If we lose those things, we run the danger of losing the real value of higher education.
Here in America, we will soon enough face similar proposals and pressures. Our challenge will be to turn our strengths of analysis and discourse on ourselves to find ways to address legitimate concerns without compromising the very values that have made us who we are.
Today and in the days ahead we will be hearing a lot about the politics of cost. I would argue that the present history we make will be a history of our own choosing. There is a very real danger that we might mistakenly agree to violate these principles ourselves. There will be powerful incentives to trade autonomy for more restrictive funding; to exchange freedom for certain forms of business and corporate support; to subvert meritocracy in order to appease political correctness. The challenge before us is to conserve finances and balance budgets; but the real test will be in how we sustain, nurture and protect the bedrock values that brought us so far and promise so much in the years to come.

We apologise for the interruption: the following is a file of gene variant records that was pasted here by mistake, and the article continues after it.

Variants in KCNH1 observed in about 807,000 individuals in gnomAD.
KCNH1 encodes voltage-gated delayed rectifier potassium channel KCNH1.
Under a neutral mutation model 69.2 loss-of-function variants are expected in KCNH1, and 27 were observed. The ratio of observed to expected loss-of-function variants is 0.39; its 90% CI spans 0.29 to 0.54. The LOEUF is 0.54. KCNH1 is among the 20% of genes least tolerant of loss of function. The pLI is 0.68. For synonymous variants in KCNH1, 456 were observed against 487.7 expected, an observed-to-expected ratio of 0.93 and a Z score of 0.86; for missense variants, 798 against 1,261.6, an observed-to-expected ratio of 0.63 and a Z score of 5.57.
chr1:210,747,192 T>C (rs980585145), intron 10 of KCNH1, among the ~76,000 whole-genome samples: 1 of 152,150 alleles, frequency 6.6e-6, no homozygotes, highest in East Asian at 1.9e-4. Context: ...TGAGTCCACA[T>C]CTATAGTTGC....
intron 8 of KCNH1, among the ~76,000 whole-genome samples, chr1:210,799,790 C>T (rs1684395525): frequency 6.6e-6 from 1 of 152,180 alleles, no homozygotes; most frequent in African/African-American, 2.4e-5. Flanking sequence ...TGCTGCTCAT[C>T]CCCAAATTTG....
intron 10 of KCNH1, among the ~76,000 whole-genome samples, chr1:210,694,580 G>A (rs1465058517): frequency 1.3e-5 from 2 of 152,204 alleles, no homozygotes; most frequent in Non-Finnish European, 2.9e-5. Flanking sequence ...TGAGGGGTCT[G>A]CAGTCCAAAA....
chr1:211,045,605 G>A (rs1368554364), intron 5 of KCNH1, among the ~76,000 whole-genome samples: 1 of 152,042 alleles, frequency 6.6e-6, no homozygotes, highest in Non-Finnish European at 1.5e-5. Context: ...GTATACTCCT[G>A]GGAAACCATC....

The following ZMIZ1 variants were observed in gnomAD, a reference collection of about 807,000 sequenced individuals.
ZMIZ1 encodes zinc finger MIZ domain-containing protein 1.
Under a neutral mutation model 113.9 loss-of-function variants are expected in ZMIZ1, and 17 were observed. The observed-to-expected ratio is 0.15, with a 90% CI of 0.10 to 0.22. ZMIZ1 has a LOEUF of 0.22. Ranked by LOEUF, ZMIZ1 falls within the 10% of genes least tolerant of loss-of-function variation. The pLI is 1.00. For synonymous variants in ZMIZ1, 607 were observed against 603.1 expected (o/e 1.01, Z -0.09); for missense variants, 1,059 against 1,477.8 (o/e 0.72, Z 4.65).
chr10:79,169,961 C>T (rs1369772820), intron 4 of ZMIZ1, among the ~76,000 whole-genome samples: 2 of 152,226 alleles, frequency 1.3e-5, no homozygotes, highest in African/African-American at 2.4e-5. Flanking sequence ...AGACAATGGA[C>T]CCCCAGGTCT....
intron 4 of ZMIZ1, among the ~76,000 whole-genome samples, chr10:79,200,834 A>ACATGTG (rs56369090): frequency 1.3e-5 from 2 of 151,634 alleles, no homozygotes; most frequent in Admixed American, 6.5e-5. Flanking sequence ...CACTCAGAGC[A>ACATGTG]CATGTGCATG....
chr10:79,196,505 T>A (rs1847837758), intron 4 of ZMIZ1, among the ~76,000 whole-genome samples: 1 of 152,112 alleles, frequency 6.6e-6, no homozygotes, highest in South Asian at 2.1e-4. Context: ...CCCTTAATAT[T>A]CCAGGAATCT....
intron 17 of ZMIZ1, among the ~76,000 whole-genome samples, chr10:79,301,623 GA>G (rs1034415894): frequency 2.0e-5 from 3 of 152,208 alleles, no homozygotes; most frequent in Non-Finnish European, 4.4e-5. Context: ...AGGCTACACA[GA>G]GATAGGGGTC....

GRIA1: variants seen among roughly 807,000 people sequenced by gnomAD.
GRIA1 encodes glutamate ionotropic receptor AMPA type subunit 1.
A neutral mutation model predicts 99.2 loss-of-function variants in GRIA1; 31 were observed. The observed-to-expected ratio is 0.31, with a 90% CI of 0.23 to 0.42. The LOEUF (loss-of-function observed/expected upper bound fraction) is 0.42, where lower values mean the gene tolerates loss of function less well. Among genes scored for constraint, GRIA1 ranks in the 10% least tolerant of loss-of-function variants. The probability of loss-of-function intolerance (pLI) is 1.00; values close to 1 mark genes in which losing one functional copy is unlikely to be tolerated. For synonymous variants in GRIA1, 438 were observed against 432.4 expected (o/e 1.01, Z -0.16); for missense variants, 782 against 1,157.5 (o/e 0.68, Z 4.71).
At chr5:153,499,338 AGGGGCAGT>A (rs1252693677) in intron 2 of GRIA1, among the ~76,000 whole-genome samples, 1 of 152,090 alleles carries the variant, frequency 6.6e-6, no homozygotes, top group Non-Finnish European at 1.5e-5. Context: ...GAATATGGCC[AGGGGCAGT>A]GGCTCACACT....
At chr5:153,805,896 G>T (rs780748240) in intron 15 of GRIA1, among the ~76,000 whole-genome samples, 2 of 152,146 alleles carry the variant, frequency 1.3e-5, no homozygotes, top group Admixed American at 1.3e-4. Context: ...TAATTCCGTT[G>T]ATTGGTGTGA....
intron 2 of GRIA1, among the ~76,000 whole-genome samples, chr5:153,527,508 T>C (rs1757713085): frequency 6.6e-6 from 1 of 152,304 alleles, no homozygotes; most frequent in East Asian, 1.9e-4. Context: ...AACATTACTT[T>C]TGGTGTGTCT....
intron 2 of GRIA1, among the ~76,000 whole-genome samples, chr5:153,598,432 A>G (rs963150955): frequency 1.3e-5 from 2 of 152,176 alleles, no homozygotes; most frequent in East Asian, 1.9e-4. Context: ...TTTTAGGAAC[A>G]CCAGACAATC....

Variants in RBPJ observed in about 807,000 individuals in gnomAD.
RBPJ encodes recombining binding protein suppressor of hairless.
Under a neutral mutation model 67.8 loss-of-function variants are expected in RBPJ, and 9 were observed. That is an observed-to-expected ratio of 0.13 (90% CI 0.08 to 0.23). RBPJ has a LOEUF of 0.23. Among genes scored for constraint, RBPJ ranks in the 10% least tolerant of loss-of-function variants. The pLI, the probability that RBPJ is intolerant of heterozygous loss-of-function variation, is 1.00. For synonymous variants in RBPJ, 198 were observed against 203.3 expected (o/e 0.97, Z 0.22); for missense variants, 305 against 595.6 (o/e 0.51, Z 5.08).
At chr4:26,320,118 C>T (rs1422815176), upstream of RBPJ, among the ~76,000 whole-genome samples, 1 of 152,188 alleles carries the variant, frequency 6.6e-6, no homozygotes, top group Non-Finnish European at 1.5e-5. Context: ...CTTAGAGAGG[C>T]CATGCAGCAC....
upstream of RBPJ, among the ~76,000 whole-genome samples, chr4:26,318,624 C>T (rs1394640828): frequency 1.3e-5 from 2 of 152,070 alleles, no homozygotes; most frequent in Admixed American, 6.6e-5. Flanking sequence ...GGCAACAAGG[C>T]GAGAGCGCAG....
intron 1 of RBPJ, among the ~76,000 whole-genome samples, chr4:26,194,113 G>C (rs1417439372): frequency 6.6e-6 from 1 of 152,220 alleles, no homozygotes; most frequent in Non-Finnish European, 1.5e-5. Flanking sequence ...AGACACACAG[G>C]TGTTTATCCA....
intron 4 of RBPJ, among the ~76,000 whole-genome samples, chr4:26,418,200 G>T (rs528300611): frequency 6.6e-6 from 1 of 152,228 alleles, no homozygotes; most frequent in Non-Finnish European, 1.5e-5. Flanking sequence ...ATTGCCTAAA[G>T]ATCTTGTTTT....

I did not come here today to offer a prescriptive policy proposal. And I do not seek to misrepresent the critics of our higher education system who may have profoundly different opinions about the value of our contributions and the legitimate cost of what we do. Rather, I want to start a conversation, because ultimately we will need to forge a new great consensus about the role and value and importance of our research universities in the years ahead.
To that end, I thank you for your attention, and I would welcome the opportunity to move the conversation forward at this time by answering your questions.